Banking is one of the most heavily regulated industries, as the oil that lubricates the business of banking is mainly depositors’ and shareholders’ money. When an institution like Bank of Valletta has thousands of small shareholders who often rely on the dividend payment to top up their income, intrusive regulatory oversight and effective operational management are crucial.

In a company announcement, BOV informed shareholders that it has reached an out-of-court settlement with Italian regulatory authorities to settle a legal dispute by paying €182.5 million. The Italian courts had previously ordered the bank to pay €370 million after they found it guilty of mismanaging a trust for Deiulemar, a shipping company that operated from Naples. BOV argues that the settlement attempted to find a “pragmatic, commercial solution” to this 13-year legal dispute.

BOV shareholders, who have not been paid dividends for quite some time, have a right to ask why the value of their shares has been dented so much because of the failure of the bank’s management. They need to know who was responsible for this failure, which started in 2009 when the bank agreed to establish this trust. More importantly, they need to know whether those responsible for regulatory oversight failure and operational management failure have been held accountable.

The Malta Financial Services Authority needs to reassure the thousands of BOV shareholders that it has, at least, conducted an ex post facto investigation to establish what was behind this massive failure. Are the MFSA officials responsible for the bank’s regulatory oversight in 2009 still responsible for overseeing the conduct of financial institutions?

Similarly, the present board of the bank needs to give convincing explanations as to why the board and executive management in 2009 failed to prevent this failure that is today costing shareholders so dearly. Are directors who served on the board in 2009 and the CEO still serving as directors in financial services or other companies?

The board and the management committee are ultimately responsible for ensuring the bank’s risk management framework and processes are robust. They are expected to ensure that depositors’ and shareholders’ interests are not discarded because of incompetence, mismanagement or other irresponsible behaviour by those approved by the regulators to run the bank’s business.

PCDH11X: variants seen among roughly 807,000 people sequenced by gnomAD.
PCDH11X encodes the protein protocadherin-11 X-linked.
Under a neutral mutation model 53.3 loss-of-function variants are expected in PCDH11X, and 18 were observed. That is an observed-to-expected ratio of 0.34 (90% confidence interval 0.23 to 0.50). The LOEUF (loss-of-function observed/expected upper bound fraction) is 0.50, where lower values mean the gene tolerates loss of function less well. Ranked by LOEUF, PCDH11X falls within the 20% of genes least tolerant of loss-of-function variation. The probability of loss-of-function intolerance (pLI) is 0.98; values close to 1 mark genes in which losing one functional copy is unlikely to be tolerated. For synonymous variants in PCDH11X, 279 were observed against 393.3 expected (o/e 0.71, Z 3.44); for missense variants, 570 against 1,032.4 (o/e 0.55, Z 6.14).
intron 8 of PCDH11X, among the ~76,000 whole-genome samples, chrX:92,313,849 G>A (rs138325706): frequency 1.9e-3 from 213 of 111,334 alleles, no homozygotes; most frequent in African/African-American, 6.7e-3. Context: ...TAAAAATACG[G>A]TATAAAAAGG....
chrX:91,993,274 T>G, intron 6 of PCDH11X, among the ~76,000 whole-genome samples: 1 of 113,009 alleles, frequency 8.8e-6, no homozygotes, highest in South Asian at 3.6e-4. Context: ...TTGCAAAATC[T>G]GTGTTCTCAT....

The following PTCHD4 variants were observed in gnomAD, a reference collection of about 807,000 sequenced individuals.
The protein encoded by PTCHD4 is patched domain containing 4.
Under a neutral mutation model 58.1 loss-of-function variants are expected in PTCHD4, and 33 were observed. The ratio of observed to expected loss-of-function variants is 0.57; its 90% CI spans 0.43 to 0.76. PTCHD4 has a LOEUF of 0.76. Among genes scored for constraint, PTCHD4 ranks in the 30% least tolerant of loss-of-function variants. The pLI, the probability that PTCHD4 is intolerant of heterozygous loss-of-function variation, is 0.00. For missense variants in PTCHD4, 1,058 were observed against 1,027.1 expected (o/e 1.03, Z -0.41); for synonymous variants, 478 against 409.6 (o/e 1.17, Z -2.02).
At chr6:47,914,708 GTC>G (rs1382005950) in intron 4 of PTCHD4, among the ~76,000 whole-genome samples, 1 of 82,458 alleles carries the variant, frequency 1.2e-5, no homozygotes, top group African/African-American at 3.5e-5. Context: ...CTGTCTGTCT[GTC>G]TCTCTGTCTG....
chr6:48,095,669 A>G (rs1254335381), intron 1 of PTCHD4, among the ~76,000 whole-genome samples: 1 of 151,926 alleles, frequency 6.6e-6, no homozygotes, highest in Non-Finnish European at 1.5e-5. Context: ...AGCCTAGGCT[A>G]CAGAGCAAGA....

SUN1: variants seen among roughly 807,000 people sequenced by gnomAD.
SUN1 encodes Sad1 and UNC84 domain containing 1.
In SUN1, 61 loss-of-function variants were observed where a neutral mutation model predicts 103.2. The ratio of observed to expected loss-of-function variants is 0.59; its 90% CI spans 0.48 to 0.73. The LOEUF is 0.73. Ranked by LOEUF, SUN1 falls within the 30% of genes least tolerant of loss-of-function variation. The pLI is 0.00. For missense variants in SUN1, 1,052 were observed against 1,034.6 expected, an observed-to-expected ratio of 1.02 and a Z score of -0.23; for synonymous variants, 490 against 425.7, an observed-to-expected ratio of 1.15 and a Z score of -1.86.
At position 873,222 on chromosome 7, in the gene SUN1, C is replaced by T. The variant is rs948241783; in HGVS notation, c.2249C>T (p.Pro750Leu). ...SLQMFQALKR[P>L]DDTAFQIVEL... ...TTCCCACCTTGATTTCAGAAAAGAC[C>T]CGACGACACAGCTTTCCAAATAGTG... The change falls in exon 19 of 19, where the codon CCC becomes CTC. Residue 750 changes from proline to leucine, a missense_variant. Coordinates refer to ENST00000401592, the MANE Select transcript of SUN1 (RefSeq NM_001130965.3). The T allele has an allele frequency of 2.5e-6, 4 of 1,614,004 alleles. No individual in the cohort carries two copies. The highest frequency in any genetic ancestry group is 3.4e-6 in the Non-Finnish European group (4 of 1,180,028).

While gross mismanagement in international banking is, unfortunately, not rare, regulators almost always ensure that those responsible are held accountable. At a minimum, they are prevented from recycling themselves in other positions of trust. Malta’s reputation in financial services has taken a battering in the last few years. The Deiluemar saga will do nothing to improve Malta’s image as a reputable financial services jurisdiction.

BOV may need to increase its capital to meet current regulatory capital adequacy criteria. It is more than likely that the government, as the biggest shareholder, will have to provide the bulk of this capital increase by forking out more taxpayers’ money in the bank. BOV’s small shareholders have seen the value of their shares plummet in the last few years. They are unlikely to want to show more faith in the bank by buying new shares, especially as the prospects of dividend payments remain uncertain.

The Deiulemar disappointment is tempered by the announcement that, in the first quarter of 2022, BOV made a good profit of €22 million. This positive development is qualified by the bank’s concern about how the Ukraine conflict could ultimately affect its business. Rating agency Fitch has downgraded the BOV long-term issuer default rating to BBB- from BBB.

BOV shareholders will, undoubtedly,  expect more meaningful explanations of these developments at the next annual general meeting.

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